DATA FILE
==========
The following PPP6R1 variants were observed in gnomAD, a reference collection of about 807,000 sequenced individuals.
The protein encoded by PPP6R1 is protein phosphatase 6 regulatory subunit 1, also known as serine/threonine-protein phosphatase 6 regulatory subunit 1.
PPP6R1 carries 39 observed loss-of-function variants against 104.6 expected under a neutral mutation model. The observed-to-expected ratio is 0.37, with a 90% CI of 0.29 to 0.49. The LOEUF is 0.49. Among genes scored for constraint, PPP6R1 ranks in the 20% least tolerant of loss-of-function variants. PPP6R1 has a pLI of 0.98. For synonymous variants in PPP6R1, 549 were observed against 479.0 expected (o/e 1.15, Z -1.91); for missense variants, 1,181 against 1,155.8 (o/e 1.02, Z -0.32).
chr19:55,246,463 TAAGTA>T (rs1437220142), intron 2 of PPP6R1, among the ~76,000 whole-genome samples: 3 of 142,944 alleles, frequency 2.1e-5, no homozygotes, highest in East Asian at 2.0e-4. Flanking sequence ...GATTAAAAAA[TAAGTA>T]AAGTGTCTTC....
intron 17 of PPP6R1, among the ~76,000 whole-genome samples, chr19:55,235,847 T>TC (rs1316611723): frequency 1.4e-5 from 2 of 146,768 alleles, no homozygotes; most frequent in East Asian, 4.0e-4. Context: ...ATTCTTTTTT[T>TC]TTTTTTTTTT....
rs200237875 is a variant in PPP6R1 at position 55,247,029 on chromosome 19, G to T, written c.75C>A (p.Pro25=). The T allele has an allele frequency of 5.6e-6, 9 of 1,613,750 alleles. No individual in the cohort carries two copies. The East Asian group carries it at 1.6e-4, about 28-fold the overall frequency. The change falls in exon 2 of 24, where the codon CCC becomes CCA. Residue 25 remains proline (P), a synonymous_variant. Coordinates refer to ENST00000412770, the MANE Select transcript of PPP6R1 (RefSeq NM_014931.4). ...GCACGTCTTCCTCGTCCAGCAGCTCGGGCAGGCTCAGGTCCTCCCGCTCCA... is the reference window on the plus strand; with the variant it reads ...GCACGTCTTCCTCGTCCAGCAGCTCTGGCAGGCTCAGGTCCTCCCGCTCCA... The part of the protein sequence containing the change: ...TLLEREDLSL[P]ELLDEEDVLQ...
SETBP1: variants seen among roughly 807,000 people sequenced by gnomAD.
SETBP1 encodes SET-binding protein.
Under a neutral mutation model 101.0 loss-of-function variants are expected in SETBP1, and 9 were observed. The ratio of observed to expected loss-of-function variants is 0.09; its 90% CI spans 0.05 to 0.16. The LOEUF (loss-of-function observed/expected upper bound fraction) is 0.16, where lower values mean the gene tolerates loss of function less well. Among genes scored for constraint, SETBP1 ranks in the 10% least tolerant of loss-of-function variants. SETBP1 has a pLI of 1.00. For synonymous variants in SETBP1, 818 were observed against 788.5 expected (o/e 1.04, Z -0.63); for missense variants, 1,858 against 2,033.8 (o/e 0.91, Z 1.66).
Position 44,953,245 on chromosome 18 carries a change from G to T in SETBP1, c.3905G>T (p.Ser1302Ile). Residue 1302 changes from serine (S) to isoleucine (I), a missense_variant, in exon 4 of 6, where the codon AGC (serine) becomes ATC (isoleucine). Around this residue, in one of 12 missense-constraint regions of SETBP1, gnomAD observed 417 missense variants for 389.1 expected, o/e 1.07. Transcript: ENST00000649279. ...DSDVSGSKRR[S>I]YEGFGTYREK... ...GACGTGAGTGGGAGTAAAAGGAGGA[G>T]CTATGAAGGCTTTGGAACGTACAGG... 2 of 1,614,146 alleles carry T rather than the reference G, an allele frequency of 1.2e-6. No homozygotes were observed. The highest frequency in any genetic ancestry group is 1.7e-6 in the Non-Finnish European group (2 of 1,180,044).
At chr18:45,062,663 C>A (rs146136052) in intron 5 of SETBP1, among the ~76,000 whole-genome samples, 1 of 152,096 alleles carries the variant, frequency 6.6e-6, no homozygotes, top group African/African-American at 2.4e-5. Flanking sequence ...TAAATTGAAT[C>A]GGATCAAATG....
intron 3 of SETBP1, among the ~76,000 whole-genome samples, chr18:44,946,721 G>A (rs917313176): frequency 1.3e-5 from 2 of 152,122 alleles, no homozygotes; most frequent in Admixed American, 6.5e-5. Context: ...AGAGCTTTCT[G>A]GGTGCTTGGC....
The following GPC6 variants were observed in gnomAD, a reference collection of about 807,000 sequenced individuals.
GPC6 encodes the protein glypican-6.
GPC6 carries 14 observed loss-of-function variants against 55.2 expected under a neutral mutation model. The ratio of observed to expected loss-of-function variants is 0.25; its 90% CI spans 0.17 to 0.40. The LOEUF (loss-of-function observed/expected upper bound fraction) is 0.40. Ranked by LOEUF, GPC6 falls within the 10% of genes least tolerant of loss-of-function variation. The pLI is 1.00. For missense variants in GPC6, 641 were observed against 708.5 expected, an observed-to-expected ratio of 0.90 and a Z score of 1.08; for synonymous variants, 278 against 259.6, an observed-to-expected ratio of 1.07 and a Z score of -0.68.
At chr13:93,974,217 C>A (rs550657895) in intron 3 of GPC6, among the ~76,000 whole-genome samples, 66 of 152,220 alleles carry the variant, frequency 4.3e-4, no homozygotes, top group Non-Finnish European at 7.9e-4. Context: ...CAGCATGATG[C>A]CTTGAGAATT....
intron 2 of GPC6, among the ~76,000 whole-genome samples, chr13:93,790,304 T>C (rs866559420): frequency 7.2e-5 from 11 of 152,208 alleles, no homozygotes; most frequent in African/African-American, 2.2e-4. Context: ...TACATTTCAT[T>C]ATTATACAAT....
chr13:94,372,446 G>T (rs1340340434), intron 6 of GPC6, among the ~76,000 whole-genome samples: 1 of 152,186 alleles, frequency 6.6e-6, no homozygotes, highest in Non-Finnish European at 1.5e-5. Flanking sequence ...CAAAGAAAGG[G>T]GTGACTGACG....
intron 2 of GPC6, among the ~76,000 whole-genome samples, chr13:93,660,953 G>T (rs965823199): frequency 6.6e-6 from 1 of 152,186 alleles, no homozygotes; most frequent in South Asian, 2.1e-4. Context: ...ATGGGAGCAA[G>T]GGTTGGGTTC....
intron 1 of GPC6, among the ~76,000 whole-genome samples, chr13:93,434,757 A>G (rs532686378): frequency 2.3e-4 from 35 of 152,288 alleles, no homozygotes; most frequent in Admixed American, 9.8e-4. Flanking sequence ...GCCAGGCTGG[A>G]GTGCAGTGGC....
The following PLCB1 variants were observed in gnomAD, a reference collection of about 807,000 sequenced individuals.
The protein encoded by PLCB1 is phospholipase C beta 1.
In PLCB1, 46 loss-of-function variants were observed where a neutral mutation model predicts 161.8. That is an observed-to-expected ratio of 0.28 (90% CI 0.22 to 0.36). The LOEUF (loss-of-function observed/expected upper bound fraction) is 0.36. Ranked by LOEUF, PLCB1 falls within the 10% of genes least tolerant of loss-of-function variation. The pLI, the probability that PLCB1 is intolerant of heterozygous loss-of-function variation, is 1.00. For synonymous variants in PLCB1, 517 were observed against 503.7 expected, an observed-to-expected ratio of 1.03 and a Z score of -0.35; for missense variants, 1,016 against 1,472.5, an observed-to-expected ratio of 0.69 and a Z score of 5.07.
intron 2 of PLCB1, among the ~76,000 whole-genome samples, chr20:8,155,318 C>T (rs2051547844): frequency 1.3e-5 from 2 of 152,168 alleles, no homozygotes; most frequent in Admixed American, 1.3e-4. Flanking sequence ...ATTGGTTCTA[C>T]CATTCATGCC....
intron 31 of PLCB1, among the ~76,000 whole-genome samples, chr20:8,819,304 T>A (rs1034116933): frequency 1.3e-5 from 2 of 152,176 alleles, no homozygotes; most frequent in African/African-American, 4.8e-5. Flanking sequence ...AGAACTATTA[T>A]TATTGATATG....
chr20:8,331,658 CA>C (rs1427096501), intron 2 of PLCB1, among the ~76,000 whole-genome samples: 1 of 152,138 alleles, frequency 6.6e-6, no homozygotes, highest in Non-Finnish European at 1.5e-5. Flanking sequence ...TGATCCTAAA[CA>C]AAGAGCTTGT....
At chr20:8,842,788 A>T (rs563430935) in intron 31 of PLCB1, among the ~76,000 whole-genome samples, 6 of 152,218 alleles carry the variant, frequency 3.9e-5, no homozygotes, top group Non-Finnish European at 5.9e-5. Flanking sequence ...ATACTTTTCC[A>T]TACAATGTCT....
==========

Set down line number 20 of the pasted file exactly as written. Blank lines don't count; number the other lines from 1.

intron 1 of GPC6, among the ~76,000 whole-genome samples, chr13:93,434,757 A>G (rs532686378): frequency 2.3e-4 from 35 of 152,288 alleles, no homozygotes; most frequent in Admixed American, 9.8e-4. Flanking sequence ...GCCAGGCTGG[A>G]GTGCAGTGGC....